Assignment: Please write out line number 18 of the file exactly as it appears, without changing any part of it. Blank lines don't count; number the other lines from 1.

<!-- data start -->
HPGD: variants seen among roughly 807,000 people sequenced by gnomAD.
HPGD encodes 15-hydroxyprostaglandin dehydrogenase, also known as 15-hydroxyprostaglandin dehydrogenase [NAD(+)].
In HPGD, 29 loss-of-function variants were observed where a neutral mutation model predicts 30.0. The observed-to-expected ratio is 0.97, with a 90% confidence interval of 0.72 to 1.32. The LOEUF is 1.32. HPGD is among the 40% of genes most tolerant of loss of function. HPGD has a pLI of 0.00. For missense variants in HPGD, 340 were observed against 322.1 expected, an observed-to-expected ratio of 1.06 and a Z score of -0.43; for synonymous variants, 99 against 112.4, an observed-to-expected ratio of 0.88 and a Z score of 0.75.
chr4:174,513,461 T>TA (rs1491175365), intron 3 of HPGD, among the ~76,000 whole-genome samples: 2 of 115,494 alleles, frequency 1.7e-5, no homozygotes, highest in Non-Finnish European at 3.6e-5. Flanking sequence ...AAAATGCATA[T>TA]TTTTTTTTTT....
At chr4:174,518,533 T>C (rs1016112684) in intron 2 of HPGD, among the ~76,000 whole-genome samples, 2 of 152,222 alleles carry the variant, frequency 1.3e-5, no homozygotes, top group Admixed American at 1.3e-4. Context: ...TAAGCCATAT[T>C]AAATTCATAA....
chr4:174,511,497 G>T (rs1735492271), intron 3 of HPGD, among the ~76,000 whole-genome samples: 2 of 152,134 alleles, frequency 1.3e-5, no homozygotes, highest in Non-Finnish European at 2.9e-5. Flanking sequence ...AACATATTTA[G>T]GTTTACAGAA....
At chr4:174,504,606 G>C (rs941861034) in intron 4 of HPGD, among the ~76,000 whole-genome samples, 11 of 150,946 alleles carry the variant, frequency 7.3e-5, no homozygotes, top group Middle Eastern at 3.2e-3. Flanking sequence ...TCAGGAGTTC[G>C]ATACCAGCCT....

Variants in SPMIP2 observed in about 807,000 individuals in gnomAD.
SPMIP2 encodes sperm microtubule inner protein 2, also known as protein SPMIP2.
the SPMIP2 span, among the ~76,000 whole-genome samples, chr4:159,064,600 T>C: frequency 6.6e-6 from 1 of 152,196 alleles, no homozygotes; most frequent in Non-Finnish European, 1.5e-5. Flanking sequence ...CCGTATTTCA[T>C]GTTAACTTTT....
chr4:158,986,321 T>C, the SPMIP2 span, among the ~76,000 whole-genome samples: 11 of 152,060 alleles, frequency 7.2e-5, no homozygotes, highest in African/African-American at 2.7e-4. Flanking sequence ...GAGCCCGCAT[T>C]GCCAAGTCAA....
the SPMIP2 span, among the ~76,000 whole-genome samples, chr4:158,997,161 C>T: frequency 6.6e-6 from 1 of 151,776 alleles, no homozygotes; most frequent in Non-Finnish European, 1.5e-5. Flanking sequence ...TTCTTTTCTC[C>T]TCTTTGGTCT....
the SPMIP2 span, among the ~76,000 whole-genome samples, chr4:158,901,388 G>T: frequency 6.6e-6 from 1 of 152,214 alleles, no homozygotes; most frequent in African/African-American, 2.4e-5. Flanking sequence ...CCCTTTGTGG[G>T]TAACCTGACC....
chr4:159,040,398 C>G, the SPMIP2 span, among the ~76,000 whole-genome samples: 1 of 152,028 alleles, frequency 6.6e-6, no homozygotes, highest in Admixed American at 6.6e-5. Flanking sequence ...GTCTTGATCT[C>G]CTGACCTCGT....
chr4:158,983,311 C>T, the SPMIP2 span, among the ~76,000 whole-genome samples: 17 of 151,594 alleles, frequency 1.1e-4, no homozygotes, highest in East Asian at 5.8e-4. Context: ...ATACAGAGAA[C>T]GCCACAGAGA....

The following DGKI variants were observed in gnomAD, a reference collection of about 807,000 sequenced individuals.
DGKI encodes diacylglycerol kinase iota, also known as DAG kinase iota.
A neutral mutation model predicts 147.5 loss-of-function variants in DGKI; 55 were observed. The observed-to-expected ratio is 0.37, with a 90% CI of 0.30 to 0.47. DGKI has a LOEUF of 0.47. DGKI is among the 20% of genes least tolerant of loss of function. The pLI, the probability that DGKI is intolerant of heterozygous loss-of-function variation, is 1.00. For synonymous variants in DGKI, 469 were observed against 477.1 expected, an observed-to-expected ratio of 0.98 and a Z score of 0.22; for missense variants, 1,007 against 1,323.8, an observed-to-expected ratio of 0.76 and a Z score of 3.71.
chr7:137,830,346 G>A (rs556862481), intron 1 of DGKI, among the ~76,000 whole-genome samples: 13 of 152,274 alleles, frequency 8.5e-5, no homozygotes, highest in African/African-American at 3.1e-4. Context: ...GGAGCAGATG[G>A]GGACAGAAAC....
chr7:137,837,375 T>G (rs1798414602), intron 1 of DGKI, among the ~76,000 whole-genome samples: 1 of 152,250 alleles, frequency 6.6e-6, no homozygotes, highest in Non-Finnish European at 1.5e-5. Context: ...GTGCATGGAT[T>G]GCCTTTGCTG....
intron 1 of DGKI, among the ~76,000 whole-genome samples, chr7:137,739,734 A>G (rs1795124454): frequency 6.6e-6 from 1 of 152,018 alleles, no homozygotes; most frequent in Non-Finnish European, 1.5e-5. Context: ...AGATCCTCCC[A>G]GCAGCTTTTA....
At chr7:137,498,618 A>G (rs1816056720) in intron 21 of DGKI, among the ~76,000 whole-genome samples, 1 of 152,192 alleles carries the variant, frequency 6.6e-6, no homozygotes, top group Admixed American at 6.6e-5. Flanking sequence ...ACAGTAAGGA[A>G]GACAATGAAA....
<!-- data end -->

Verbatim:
A neutral mutation model predicts 147.5 loss-of-function variants in DGKI; 55 were observed. The observed-to-expected ratio is 0.37, with a 90% CI of 0.30 to 0.47. DGKI has a LOEUF of 0.47. DGKI is among the 20% of genes least tolerant of loss of function. The pLI, the probability that DGKI is intolerant of heterozygous loss-of-function variation, is 1.00. For synonymous variants in DGKI, 469 were observed against 477.1 expected, an observed-to-expected ratio of 0.98 and a Z score of 0.22; for missense variants, 1,007 against 1,323.8, an observed-to-expected ratio of 0.76 and a Z score of 3.71.